The future of biometric authentication and digital identity for bars is playing out in British nightclubs this year, amid beer, musical beats and potential love connections. Yoti, a U.K.-based startup that focuses on digital ID applications, said that Ocean Southampton, a club owned by The Deltic Group, has begun using an admittance system that relies on smartphones and QR codes, not drivers’ licenses and passports. The technology could soon enjoy even wider and more varied use in the United Kingdom.
The technology uses facial recognition to make it much more difficult for underage consumers to gain entry to drinking establishments
The Southampton nightclub reportedly decided to adopt the Yoti digital identity technology after two other bars that operated under the Deltic umbrella earlier tested the system in three-month trials. The technology uses facial recognition to make it more difficult for underage consumers to gain entry to drinking establishments—and to make it easier for legitimate customers to walk past the doors. Here is how the Yoti technology works:
- A consumer downloads for free the Yoti app to his or her smartphone.
- That consumer then takes a selfie and scans his or her photo ID.
- Yoti’s software makes sure the photo ID is indeed authentic, and then uses face recognition to match details of that ID to the selfie, checking that they represent the same person. Throughout this process, Yoti encrypts users’ personal data, with private keys stored on users’ smartphones to secure the information.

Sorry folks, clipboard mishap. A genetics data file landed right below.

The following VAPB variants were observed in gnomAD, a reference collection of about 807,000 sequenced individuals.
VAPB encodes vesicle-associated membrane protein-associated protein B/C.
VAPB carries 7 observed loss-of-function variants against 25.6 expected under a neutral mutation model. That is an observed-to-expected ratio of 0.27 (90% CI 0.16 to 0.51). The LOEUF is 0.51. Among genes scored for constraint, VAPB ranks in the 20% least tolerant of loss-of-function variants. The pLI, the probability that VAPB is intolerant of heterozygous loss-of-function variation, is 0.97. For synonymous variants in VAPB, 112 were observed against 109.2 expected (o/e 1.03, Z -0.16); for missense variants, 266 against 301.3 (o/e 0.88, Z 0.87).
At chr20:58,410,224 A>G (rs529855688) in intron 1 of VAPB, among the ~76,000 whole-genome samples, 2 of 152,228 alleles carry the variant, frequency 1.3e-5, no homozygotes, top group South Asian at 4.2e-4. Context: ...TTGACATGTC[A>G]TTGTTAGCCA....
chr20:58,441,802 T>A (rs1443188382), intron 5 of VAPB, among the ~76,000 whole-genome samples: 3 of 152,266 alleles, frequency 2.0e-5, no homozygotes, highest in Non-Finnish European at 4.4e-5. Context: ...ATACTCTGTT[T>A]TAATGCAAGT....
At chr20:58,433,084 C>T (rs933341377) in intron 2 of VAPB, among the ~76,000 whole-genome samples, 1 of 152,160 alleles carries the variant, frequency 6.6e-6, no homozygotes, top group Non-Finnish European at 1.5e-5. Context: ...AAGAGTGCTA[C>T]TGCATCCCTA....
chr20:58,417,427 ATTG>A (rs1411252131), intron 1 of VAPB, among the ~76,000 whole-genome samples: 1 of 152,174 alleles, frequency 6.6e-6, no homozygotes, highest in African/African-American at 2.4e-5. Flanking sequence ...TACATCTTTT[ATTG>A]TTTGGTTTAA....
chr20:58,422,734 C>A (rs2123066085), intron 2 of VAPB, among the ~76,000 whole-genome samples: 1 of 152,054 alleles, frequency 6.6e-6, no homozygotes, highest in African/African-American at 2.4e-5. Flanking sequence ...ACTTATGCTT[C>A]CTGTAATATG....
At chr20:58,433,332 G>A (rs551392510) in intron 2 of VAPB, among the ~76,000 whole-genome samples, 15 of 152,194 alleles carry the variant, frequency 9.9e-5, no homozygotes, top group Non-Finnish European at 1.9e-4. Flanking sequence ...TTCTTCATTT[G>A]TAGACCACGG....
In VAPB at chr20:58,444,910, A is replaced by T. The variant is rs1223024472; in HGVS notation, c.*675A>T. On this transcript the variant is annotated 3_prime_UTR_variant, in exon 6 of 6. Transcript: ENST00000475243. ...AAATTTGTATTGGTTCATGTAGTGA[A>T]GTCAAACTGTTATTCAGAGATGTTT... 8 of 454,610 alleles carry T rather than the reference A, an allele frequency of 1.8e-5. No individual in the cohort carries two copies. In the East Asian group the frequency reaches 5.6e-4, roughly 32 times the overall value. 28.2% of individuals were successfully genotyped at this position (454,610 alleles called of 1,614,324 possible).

- Upon arrival at the bar for a night of fun and, perhaps, controlled debauchery, the user calls up the Yoti app and presents his or her smartphone to door personnel. A club employee uses a smartphone to scan the Yoti QR code, which confirms that the user is old enough for club entry.
“The technology will not only revolutionize our customers’ experience, it will also have an immensely positive impact on our business by reducing queuing times and drastically cutting down on fraudulent activity and attempted underage entry to our clubs,” said Tim Howard, marketing director of Deltic Group. Deltic Group owns some 65 nightclubs and plans to use the Yoti digital identification service at more of them.
Digital identity for bars to extend to dating sites
Nightclubs, however, stand as only one type of business that could benefit from Yoti’s facial recognition authentication technology. Yoti recently said that two U.K. supermarkets will this year test the digital identity system in stores for such age-restricted purchases as knives and alcohol. The idea is to allow consumers to buy such goods at self-service kiosks without the aid of human clerks. Yoti also envisions using the technology to verify identities on dating sites, where users often operate with at least a creeping suspicion that a potential mate is an imposter. If such tests are successful, the same tech that is providing digital identity for bars could extend into other phases of a user’s life.